Bank of Canada prescribes surprise interest rate drop to manage oil slump threat
OTTAWA - Bank of Canada governor Stephen Poloz says the economy has been suffering from the effects of an "oil shock," so he prescribed a remedy: an unexpected interest rate cut.
Many economists were anticipating the central bank would hold off on moving the rate until late 2015 or early 2016, with the next adjustment expected to be a hike.
But Poloz took another route Wednesday, as the central bank called the effect of plummeting crude prices "unambiguously negative" for the oil-exporting country's economy.
"We have an oil-price shock, which will reduce the income flowing into Canada and lead probably to some increase in unemployment overall," Poloz told a news conference after Wednesday's rate announcement.
Until the effects of oil's late-2014 tailspin started to trickle through, Canada appeared to be on the cusp of a promising post-recession rebound — and inching closer to a rate increase.
Still, Poloz said he remained encouraged by signs of economic life, particularly in Canada's non-energy sector, thanks to a low loonie and robust growth in the U.S.
That's where the central banker said his rate-cutting plan comes in.Poloz's solution aims to buffer the positives still present in the healing Canadian economy from potential damage inflicted by low oil.
The goal is to give businesses, such as manufacturers still hobbled from the 2008-09 downturn, enough time to reinvest in their operations using cheaper credit and, eventually, create jobs.
"We think that the positive trend is underneath the surface, that things are getting stronger," Poloz said.
"I think that this is a setback, it's an interruption if you like, in our path back to where we planned to go. It's delaying things by perhaps as long as a year."
He described the bank's plan as "insurance," a move intended to shorten that delayed recovery.
Poloz also sought to ease potential public fears when asked whether the rate cut signals he's worried about the health of the economy. He said he wouldn't put it quite that way.
"That doesn't mean that there's a really bad thing, or a drastic thing, happening here," Poloz said of the rate reduction.
"For us, it's a more a matter of repositioning the economy in such a way that it fires on all cylinders."
The bank also offered assurances that the rate drop would not increase Canada's high level of household debt.
But it did reiterate the warning that Canadians remain vulnerable to economic shocks due to near record high housing prices and debt.
The bank has blamed the accumulation of debt on the extended period of the already low interest rate of one per cent, which helped propel consumer spending.
However, Bank of Canada senior deputy governor Carolyn Wilkins said Wednesday that current conditions are unlikely to open the door for people to pile on more debt, even with the slightly lower rate.
The bank predicted the oil collapse would lead to a drop in employment and income, especially in energy-rich regions. As a result, it expects less consumption due to a smaller amount of disposable income.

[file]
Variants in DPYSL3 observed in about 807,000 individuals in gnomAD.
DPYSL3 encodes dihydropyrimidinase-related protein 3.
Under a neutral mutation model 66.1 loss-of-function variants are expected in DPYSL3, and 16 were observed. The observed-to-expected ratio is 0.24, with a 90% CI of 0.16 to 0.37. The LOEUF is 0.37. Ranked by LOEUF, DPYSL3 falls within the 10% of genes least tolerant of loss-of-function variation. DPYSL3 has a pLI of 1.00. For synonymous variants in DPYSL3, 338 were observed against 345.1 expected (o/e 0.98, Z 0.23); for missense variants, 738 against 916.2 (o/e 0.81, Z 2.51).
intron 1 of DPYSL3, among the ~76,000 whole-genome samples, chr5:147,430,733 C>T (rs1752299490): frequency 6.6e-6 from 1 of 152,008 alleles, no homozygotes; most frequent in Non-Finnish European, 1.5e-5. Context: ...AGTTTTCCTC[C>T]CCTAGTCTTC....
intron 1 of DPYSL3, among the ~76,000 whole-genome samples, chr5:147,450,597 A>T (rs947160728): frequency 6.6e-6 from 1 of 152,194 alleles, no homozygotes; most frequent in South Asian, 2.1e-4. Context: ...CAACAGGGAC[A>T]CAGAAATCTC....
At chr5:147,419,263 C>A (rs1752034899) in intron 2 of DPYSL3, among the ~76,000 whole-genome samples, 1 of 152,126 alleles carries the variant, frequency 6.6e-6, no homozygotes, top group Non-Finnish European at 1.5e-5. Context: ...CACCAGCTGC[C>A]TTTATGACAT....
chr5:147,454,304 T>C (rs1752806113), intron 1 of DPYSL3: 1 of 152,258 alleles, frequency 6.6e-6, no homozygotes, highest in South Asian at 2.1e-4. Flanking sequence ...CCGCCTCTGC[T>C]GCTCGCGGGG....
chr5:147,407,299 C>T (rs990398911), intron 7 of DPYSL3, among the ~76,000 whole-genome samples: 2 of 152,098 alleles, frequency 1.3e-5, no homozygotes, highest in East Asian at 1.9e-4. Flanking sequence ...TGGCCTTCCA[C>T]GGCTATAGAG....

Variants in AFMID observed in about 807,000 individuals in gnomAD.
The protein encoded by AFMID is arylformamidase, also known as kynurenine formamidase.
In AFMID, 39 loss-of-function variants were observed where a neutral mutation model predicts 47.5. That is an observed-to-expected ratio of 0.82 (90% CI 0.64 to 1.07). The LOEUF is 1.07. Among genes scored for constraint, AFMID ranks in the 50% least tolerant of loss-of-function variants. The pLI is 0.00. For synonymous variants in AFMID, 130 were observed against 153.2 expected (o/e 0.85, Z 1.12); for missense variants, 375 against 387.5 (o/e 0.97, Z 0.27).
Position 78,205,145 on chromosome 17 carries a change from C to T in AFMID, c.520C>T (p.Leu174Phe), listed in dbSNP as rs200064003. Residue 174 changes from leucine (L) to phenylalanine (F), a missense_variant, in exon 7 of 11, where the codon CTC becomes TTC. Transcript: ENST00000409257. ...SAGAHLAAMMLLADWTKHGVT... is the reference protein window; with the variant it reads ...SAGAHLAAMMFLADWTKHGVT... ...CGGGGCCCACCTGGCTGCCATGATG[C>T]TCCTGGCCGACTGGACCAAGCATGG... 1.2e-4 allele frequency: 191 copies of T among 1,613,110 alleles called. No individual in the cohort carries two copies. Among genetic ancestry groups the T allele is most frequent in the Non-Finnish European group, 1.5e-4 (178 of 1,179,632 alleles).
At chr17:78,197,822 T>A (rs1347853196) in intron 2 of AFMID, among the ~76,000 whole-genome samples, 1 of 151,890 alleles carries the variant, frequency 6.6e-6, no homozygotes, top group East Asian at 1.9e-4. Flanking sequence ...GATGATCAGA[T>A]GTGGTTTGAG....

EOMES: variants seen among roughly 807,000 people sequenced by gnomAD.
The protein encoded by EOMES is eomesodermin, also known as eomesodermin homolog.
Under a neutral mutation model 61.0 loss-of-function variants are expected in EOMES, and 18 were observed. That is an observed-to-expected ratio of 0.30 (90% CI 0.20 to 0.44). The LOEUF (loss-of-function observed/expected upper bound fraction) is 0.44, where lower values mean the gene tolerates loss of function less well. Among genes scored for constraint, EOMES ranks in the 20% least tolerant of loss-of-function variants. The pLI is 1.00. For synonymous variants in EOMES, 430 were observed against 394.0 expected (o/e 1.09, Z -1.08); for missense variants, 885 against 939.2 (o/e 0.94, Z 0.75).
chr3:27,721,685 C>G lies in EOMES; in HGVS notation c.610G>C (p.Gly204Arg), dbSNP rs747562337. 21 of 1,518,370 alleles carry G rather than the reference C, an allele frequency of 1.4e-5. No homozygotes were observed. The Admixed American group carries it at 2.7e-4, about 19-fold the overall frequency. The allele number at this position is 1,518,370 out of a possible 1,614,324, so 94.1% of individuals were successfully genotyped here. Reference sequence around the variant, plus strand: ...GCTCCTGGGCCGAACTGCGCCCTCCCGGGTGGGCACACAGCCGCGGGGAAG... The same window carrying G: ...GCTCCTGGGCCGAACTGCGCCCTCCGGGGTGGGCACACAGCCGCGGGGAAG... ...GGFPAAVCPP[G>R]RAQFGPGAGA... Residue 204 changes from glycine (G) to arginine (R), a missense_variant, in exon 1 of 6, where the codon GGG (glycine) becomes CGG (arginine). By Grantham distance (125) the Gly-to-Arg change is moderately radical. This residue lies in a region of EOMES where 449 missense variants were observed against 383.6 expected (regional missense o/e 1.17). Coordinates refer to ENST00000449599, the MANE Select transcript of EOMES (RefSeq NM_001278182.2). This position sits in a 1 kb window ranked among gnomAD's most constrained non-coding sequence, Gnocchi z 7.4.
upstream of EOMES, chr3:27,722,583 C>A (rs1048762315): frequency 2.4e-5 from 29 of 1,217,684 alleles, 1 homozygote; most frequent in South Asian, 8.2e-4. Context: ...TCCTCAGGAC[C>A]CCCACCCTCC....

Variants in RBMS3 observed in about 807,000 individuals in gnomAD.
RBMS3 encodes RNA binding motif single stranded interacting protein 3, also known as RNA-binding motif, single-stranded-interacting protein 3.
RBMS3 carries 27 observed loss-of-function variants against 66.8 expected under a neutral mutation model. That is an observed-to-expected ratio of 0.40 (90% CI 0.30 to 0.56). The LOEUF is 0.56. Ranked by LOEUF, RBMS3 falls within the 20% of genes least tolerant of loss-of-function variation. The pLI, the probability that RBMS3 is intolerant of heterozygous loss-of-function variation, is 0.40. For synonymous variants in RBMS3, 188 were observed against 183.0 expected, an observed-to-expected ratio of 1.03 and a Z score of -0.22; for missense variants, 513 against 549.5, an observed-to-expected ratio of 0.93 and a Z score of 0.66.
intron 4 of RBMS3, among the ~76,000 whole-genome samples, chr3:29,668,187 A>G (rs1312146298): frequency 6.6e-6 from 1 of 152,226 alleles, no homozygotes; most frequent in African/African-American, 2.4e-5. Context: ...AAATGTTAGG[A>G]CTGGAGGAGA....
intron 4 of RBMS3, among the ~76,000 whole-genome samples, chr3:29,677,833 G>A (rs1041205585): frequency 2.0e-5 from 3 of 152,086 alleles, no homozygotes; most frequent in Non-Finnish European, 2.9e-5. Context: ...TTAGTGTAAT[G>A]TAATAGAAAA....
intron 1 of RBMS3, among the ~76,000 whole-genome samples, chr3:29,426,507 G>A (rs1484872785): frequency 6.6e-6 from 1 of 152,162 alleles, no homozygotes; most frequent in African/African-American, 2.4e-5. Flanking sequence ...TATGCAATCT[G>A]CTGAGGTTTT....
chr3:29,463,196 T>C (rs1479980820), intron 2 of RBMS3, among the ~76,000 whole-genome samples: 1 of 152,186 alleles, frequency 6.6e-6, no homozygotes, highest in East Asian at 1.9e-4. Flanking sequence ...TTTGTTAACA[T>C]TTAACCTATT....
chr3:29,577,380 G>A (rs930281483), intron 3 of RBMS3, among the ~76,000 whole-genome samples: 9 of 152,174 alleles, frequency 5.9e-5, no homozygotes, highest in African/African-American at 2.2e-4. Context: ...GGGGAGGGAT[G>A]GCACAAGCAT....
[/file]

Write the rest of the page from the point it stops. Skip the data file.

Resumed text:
Wilkins credited the oil price climb for boosting the incomes of all Canadians by about seven per cent since 2002.
"What this oil shock does is it reverses some of those gains," she said.
The bank's concerns over the oil slump come as some Canadian industries reel from the sharp plunge in crude prices, which are down more than 55 per cent since June.
The Canadian Association of Petroleum Producers said Wednesday that it expected oilpatch investment to total just $46 billion this year, down from $69 billion in 2014.
The decline in oil prices is also expected to shave billions of dollars from the bottom lines of federal and provincial governments.
Last week, the federal government took the rare step of delaying the budget until at least April, so it could assess the effect of tumbling crude.
In latest monetary policy report, also released Wednesday, the central bank predicted the country's headline inflation rate to temporarily dip to one per cent — below the bank's target range — before climbing back up to two per cent in the second half of the year.
The bank also highlighted persistent problems in Canada's labour market, where it found long-term unemployment was still close to its "post-crisis peak."
It said average hours worked remained low and the proportion of people who could only find part-time work was still high.
The bank predicted the pace of Canada's economic growth — measured by the real gross domestic product — to slow to roughly 1.5 per cent in the first half of 2015 and for the output gap to widen.
The Canadian economy is expected to gather steam in the second half of the year, allowing real GDP growth to average 2.1 per cent in 2015 and 2.4 per cent in 2016.
In its last monetary policy report — in October — the Bank of Canada predicted 2.4 per cent growth for 2015.
The bank's estimates were based on oil prices of US$60 per barrel, well above current levels which remain well under US$50. The report said if oil were to remain close to US$50, real GDP growth would dip to 1.25 per cent in the first half of 2015.
The Bank of Canada is scheduled to make its next interest-rate announcement March 4, while its next monetary policy report is due April 15.
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